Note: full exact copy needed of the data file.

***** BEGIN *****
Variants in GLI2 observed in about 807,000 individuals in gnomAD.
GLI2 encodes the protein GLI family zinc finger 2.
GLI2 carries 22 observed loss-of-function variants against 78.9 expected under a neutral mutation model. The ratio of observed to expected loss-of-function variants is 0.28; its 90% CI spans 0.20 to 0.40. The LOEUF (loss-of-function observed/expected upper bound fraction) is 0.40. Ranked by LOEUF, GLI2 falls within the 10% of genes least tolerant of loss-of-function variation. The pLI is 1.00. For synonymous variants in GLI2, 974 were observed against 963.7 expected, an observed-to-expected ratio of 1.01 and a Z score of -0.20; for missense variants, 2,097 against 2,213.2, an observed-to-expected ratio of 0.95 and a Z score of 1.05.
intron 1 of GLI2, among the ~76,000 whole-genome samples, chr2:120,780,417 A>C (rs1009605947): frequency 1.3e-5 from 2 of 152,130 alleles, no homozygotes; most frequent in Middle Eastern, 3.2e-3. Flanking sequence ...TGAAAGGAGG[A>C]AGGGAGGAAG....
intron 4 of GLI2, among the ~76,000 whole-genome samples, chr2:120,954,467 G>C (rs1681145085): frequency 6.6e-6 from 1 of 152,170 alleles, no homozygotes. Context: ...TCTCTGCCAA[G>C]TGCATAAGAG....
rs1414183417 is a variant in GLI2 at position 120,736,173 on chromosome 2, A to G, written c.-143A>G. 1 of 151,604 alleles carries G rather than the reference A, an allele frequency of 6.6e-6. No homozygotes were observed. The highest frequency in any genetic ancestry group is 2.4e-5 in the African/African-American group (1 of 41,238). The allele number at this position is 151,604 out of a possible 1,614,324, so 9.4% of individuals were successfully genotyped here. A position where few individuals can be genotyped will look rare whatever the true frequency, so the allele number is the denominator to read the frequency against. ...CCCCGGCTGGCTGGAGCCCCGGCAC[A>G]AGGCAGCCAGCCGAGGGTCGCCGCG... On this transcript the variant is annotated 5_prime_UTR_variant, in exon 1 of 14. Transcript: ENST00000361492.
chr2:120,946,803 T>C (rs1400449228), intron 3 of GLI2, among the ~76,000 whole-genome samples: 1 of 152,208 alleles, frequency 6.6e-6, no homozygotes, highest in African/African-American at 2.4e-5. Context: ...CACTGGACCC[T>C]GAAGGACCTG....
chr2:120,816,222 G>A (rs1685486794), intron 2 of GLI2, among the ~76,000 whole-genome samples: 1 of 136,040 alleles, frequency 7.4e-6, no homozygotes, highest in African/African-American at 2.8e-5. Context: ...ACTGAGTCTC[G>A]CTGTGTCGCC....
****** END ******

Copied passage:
Variants in GLI2 observed in about 807,000 individuals in gnomAD.
GLI2 encodes the protein GLI family zinc finger 2.
GLI2 carries 22 observed loss-of-function variants against 78.9 expected under a neutral mutation model. The ratio of observed to expected loss-of-function variants is 0.28; its 90% CI spans 0.20 to 0.40. The LOEUF (loss-of-function observed/expected upper bound fraction) is 0.40. Ranked by LOEUF, GLI2 falls within the 10% of genes least tolerant of loss-of-function variation. The pLI is 1.00. For synonymous variants in GLI2, 974 were observed against 963.7 expected, an observed-to-expected ratio of 1.01 and a Z score of -0.20; for missense variants, 2,097 against 2,213.2, an observed-to-expected ratio of 0.95 and a Z score of 1.05.
intron 1 of GLI2, among the ~76,000 whole-genome samples, chr2:120,780,417 A>C (rs1009605947): frequency 1.3e-5 from 2 of 152,130 alleles, no homozygotes; most frequent in Middle Eastern, 3.2e-3. Flanking sequence ...TGAAAGGAGG[A>C]AGGGAGGAAG....
intron 4 of GLI2, among the ~76,000 whole-genome samples, chr2:120,954,467 G>C (rs1681145085): frequency 6.6e-6 from 1 of 152,170 alleles, no homozygotes. Context: ...TCTCTGCCAA[G>C]TGCATAAGAG....
rs1414183417 is a variant in GLI2 at position 120,736,173 on chromosome 2, A to G, written c.-143A>G. 1 of 151,604 alleles carries G rather than the reference A, an allele frequency of 6.6e-6. No homozygotes were observed. The highest frequency in any genetic ancestry group is 2.4e-5 in the African/African-American group (1 of 41,238). The allele number at this position is 151,604 out of a possible 1,614,324, so 9.4% of individuals were successfully genotyped here. A position where few individuals can be genotyped will look rare whatever the true frequency, so the allele number is the denominator to read the frequency against. ...CCCCGGCTGGCTGGAGCCCCGGCAC[A>G]AGGCAGCCAGCCGAGGGTCGCCGCG... On this transcript the variant is annotated 5_prime_UTR_variant, in exon 1 of 14. Transcript: ENST00000361492.
chr2:120,946,803 T>C (rs1400449228), intron 3 of GLI2, among the ~76,000 whole-genome samples: 1 of 152,208 alleles, frequency 6.6e-6, no homozygotes, highest in African/African-American at 2.4e-5. Context: ...CACTGGACCC[T>C]GAAGGACCTG....
chr2:120,816,222 G>A (rs1685486794), intron 2 of GLI2, among the ~76,000 whole-genome samples: 1 of 136,040 alleles, frequency 7.4e-6, no homozygotes, highest in African/African-American at 2.8e-5. Context: ...ACTGAGTCTC[G>A]CTGTGTCGCC....